A woman is dead and it's Davenport Police Department's duty to provide answers. And yet, after four days, no such probe of Saturday's fatal crash on the city's bike path is under way.
Ruth Morris was run down Saturday while walking on Davenport's bike path, as much a public right-of-way as any highway. But no police presence joined the emergency medical technicians on scene. No witnesses were interviewed. No investigation was launched. No police report exists detailing the incident. No conclusions — which might reduce the likelihood of another such tragedy — are planned.
In fact, city officials couldn't even muster the energy to rinse Morris' blood from the asphalt. As of Tuesday, the red blotches remained as a dark reminder of Saturday's tragedy.
A 79-year-old woman was killed while strolling with her son on a public right-of-way and, somehow, Davenport's officialdom has been loathe to initiate an investigation.
There can be no doubt that, had a motor vehicle struck Morris, police would have launched a probe. It's hard to see how this instance is any different at a practical level.
Make no mistake, Saturday's crash might be the tragic accident that city officials assume it to be. It's likely no arrests are warranted. Even the account provided by Morris' son suggested as much.
But arrests and prosecutions should not be the sole reason for a police probe. At their core, investigations are about answering questions and expanding understanding of an issue. And, frankly, there are far too many questions about Morris' death to ignore.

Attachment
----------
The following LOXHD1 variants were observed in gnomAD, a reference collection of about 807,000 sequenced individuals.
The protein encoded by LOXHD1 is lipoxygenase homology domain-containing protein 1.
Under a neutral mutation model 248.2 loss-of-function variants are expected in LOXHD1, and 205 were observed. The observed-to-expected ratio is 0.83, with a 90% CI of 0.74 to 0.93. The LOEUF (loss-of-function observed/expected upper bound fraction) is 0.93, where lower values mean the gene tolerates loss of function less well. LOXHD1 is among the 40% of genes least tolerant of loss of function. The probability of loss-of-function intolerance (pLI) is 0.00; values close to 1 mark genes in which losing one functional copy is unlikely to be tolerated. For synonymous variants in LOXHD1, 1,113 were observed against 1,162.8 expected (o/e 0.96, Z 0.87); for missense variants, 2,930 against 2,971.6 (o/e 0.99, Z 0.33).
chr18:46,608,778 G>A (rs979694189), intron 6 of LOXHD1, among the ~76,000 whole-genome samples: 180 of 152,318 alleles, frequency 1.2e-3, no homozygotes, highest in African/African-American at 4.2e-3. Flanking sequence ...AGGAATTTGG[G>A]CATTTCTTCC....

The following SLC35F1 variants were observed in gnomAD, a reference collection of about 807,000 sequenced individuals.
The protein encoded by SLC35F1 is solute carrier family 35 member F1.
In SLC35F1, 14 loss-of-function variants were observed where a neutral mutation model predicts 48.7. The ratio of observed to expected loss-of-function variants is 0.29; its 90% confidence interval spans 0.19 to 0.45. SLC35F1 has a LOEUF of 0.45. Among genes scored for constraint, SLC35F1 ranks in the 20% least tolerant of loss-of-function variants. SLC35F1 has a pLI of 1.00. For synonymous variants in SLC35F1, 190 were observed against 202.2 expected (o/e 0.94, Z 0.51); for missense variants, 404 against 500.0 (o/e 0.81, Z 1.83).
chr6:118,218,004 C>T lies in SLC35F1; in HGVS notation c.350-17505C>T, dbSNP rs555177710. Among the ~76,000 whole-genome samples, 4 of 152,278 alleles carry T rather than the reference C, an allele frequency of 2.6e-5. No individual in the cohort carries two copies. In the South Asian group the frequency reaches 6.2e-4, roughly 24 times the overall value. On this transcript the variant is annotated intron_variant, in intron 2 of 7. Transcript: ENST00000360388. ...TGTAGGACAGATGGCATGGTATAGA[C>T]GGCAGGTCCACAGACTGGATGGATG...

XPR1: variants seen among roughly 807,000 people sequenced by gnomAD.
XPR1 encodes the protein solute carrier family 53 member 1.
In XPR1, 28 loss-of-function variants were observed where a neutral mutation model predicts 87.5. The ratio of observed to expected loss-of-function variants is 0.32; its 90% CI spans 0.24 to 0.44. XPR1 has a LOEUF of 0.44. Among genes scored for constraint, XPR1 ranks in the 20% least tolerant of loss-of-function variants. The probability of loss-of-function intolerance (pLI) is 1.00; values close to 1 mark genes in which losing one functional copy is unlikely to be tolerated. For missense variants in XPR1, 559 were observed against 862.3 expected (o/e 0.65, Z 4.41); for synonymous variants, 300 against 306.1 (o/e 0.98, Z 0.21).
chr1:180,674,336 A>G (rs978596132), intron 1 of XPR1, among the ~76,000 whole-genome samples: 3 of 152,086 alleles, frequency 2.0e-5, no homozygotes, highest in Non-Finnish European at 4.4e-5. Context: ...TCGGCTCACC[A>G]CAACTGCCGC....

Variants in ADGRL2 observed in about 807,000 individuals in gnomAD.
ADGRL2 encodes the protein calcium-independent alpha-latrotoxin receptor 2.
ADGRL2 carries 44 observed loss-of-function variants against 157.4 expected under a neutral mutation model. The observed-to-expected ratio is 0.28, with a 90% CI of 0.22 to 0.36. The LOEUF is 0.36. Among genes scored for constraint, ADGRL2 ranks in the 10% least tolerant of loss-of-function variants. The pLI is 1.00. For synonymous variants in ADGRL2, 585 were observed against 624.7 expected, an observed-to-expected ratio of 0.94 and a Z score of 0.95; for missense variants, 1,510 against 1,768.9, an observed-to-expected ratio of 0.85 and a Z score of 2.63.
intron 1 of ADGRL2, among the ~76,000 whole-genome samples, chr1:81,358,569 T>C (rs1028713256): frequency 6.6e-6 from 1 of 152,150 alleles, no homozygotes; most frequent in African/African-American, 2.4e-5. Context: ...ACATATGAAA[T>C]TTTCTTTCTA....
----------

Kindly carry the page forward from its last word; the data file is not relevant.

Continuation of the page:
Relative to public roads, bike paths throughout the Quad-Cities are the proverbial Wild West — free-for-alls governed by unspoken rules of etiquette. Perhaps speed limits are required in some stretches. Perhaps there are dangerous blind spots throughout the network. Perhaps individual lanes designated for pedestrians and cyclists are necessary.
Perhaps Morris' death is symptomatic of the dangers of a largely unregulated network that pits pedestrians and cyclists in dangerously close proximity, and naively relies on decorum for safety.
In fact, some evidence suggests pedestrians are increasingly getting killed or maimed in incidents involving cyclists as biking comes back into vogue and traffic-choked cities promote the activity, according to an analysis published this past year by British newspaper The Telegraph. It's on the very local governments that own these bike paths to track any serious incident on public bike paths if officials intend to continue promoting cycling as an alternative to carbon-spewing automobiles and a promotional lure for would-be residents.
What's clear from the official accounts and those of Morris' son is that she was taking a leisurely walk and was unable to react as the cyclists sped into view. It's a scenario doubtlessly shared by thousands of Quad-Cities residents who've had to jump when they suddenly heard "on your left" ring out from behind.
Morris' life is no less valuable than a pedestrian mowed down on a public highway. Morris' family and the public at-large deserve answers about what happened Saturday, at least within the only limitations inherent within interpretive forensic science and first-hand accounts.
Such a probe would, ultimately, level blame, be it speed or conditions on the path itself. It could — potentially in detail — spell out the human failings that resulted in a woman's death and at least one injured cyclist. It could inform elected officials throughout the Quad-Cities about defects in a bike path that, until now, have been viewed exclusively through an economic prism.
Fact is, a woman is dead. Davenport officials — particularly those perched atop its police department — should end the foot-dragging parade and provide the answers the public deserves.